Of the general spirit and conduct of the students, Mr. Collie, in a letter to the Directors, gives the following account.
“ The students, in general, cheerfully read and commit to memory our books ; and, when we go out to distribute tracts, or to speak to the people, they beg to be permitted to accompany and assist us. On these occasions, they never manifest the least indication of being ashamed of their connexion with us. On Thursday evenings, when we go to meet the people in the temple, we permit two or three of them to accompany us. They raise the tune, and thus in a heathen temple, and in the face of their heathen countrymen, they sing the praises of our God. These young men, in general, seem to regard us as their real friends, and manifest a disposition to consider the College as their home. Most of their leisure hours are spent with us. I observed with pleasure, during a late festival, which is kept in celebration of the Chinese New Year, that some of the students spent the greater part of the time about the College, and unless on one of

those days, which is kept as a great feast-day, they attended morning and evening worship with the greatest punctuality, which, as it was entirely left to their own choice, at least looks well. Several of them, when asked whether they had, on this occasion, joined with their friends in worshipping idols, declared they saw no good to be obtained by worshipping things which can neither hear nor answer their prayers, and they thought it better to worship the only living and true God. How far their hearts are really interested in their professions, I cannot presume to say. We endeavour to treat them as our children, and in most of them there seems to exist a correspondent respect towards us. Brethren, pray earnestly for these young men. Should it please our gracious God to bring them to the saving knowledge of the Gospel, what happy results might be expected from their labours. They are daily acquiring an acquaintance with the facts and doctrines of Divine Revelation, which, if followed by divine teaching, will qualify them for becoming most effective missionaries.’’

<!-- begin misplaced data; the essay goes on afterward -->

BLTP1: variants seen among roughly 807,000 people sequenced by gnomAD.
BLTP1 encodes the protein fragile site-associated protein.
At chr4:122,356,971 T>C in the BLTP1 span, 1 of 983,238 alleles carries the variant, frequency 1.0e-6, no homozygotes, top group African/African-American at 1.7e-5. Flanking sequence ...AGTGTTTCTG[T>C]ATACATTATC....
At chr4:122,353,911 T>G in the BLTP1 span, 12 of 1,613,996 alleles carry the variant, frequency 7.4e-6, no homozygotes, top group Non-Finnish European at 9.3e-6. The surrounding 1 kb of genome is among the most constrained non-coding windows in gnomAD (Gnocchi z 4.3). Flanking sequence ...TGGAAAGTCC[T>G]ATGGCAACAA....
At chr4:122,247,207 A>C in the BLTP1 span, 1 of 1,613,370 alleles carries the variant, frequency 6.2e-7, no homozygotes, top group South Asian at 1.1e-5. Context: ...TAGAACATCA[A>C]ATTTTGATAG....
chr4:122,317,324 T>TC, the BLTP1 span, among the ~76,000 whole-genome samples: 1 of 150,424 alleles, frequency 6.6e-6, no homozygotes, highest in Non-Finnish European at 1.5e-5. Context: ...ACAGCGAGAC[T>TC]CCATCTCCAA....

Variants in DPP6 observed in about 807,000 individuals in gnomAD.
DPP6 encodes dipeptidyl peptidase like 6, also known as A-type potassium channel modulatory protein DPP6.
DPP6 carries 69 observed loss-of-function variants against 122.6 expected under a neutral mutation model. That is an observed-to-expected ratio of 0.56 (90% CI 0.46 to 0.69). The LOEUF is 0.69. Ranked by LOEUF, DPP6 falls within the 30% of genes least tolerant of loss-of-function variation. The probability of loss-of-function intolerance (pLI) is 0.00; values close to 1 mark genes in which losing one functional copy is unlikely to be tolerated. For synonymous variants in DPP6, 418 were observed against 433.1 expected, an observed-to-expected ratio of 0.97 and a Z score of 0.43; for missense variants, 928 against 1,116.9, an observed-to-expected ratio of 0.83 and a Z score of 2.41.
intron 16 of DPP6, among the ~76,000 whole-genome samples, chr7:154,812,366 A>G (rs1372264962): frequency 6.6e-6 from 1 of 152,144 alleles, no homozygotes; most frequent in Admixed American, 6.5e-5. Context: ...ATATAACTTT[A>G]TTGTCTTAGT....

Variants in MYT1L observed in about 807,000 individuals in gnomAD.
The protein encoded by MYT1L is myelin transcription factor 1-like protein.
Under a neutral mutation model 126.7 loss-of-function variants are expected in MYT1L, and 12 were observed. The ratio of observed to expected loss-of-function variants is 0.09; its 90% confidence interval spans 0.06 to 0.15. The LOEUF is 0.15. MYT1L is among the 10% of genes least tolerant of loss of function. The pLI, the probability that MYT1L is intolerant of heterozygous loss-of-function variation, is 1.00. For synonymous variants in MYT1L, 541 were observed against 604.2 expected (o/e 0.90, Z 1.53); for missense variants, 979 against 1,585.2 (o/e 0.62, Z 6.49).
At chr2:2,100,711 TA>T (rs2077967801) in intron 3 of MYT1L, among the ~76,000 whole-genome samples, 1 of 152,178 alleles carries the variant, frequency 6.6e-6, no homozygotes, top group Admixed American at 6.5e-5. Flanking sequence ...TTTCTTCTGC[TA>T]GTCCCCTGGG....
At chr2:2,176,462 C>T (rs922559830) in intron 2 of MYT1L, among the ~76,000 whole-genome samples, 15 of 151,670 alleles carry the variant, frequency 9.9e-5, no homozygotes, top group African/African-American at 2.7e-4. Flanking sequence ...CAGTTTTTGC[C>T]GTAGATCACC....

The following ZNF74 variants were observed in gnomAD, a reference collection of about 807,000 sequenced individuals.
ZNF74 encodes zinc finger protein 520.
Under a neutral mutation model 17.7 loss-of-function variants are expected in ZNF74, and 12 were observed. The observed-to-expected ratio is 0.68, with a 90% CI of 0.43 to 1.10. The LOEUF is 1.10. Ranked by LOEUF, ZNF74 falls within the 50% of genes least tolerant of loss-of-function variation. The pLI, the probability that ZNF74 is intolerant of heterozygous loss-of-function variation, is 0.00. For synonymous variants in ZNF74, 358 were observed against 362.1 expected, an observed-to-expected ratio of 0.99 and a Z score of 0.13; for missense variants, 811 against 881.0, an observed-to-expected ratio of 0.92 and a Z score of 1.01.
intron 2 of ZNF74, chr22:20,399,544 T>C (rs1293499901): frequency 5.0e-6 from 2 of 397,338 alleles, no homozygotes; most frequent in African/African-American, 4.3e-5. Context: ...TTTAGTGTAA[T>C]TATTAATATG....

In relation to the Anglo-Chinese College, we extract from the Address of Dr. Morrison, noticed in the preceding article, the following passages ; as they contain, together with a statement of the immediate object and means of the Institution, and an exposition of the necessity for such establishment, important reasons for requiring from the public, in its behalf, extensive permanent support, some of which reasons forcibly appeal to philanthropists, to men of science and literature, and even to commercial men, as well as to the friends of Christian missions, as such.